To begin to address these issues, the present research conducted three studies on the experience and management of identity conflict, a perceived intrapersonal tension, discrepancy or interference, between at least two identities. In particular we focused on identity conflicts between pairs of roles, relationships, and social categories – key dimensions on which individuals base their identities (Baumeister et al., 1985; Deaux et al., 1995; Benet-Martínez et al., 2002; Settles, 2004; Benet-Martínez and Haritatos, 2005; Hirsh and Kang, 2016). We assessed the experience of conflict between multiple role, relational, and social identities by focusing on perceptions of conflict magnitude and associated stress and growth. Drawing from psychological, sociological and cultural theories on multiple identities (Baumeister et al., 1985; Berry, 1997, 2005; Roccas and Brewer, 2002; Burke, 2003, 2006; Goclowska and Crisp, 2014; Amiot et al., 2015) we developed a scale to assess the management of conflict between multiple identities. We also considered whether the characteristics associated with role, relational, and social identities, namely flexibility, valence, and importance (Deaux et al., 1995; Settles, 2004; Brook et al., 2008; Rabinovich and Morton, 2016) might influence the experience and/or management of conflict. This work makes an important contribution to the literature on multiple identities as, to our knowledge, it is the first to investigate whether the types of identities matter for the experience and management of conflict. Critically, this work is also the first to develop a scale to measure identity conflict management. Below we briefly review the literature on conflict and self-organization as it relates to multiple identities to build a case for examining the experience and management of conflict between multiple identities.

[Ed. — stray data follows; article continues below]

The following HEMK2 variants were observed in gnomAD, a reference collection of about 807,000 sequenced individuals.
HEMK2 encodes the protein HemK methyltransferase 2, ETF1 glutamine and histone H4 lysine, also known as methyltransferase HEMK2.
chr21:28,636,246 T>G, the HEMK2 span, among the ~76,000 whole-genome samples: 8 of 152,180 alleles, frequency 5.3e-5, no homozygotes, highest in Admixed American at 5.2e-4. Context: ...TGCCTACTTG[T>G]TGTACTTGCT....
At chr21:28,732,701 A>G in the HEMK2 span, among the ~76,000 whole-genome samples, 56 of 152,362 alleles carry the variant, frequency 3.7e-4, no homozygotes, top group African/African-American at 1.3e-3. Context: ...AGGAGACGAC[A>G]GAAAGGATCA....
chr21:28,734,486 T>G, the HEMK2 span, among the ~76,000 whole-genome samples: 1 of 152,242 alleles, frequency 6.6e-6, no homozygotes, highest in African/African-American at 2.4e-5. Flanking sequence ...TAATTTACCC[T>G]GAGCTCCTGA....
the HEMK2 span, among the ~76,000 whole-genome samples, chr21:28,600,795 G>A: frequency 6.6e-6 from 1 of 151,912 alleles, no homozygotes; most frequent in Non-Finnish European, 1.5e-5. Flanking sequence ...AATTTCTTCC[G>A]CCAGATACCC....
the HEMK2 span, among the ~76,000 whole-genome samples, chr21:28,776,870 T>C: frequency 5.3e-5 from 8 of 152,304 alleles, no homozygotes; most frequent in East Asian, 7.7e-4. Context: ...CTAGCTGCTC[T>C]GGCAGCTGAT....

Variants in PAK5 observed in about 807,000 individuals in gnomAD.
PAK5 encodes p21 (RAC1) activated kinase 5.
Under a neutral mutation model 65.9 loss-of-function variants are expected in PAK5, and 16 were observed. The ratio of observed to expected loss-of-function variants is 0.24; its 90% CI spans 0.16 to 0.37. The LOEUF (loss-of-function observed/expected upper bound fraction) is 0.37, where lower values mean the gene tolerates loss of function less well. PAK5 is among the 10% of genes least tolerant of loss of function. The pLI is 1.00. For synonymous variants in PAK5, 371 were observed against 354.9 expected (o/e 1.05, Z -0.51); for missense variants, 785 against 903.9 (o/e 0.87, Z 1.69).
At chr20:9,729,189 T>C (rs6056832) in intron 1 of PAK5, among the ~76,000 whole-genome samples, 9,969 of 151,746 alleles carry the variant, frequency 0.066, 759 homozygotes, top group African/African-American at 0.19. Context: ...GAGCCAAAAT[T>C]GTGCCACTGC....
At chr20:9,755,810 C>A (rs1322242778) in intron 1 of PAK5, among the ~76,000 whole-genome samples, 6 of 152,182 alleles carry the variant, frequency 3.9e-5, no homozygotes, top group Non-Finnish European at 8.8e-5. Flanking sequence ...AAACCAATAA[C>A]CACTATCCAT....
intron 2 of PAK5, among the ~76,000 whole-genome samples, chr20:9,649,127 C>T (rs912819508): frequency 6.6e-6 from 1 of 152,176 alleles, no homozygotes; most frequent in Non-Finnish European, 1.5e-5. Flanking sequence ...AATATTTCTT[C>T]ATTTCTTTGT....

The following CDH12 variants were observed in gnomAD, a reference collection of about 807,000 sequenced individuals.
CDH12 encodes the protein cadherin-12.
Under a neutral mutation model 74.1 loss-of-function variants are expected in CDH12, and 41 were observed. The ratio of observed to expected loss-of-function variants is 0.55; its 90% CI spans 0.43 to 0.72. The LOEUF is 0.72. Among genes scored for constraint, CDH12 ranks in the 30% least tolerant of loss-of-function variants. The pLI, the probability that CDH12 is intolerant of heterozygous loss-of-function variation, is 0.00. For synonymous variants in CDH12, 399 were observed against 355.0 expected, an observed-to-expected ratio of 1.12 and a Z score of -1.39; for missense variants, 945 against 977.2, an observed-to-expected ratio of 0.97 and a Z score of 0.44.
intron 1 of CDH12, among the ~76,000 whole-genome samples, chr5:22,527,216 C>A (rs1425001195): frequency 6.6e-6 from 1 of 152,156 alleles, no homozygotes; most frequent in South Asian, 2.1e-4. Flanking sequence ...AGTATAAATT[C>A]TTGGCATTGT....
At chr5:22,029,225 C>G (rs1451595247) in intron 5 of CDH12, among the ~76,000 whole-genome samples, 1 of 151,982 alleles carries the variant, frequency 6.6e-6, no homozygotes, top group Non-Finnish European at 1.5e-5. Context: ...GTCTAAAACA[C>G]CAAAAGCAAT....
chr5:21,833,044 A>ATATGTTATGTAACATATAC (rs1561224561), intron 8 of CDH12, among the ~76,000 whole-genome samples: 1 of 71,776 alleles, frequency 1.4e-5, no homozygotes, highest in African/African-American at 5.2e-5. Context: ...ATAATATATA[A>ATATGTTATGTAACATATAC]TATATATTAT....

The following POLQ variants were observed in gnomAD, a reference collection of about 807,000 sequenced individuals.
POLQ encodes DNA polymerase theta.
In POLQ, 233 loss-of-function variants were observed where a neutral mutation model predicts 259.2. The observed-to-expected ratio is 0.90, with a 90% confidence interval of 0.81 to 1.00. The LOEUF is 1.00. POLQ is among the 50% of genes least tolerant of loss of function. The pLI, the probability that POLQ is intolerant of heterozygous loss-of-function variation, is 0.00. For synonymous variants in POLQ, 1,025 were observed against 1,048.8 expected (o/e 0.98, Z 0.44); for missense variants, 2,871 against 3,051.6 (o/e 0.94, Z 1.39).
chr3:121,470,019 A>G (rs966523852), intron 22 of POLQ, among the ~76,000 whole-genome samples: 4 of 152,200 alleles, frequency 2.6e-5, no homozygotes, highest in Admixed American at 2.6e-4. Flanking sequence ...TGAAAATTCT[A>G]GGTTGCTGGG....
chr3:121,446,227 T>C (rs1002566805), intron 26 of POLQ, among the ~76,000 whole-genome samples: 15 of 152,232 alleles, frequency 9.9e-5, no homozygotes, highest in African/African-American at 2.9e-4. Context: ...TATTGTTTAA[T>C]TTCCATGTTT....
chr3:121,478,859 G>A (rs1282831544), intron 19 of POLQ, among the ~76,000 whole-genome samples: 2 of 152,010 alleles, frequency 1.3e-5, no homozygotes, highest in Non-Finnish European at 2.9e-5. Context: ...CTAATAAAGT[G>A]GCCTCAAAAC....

Conflict between Multiple Identities: Experiences and Consequences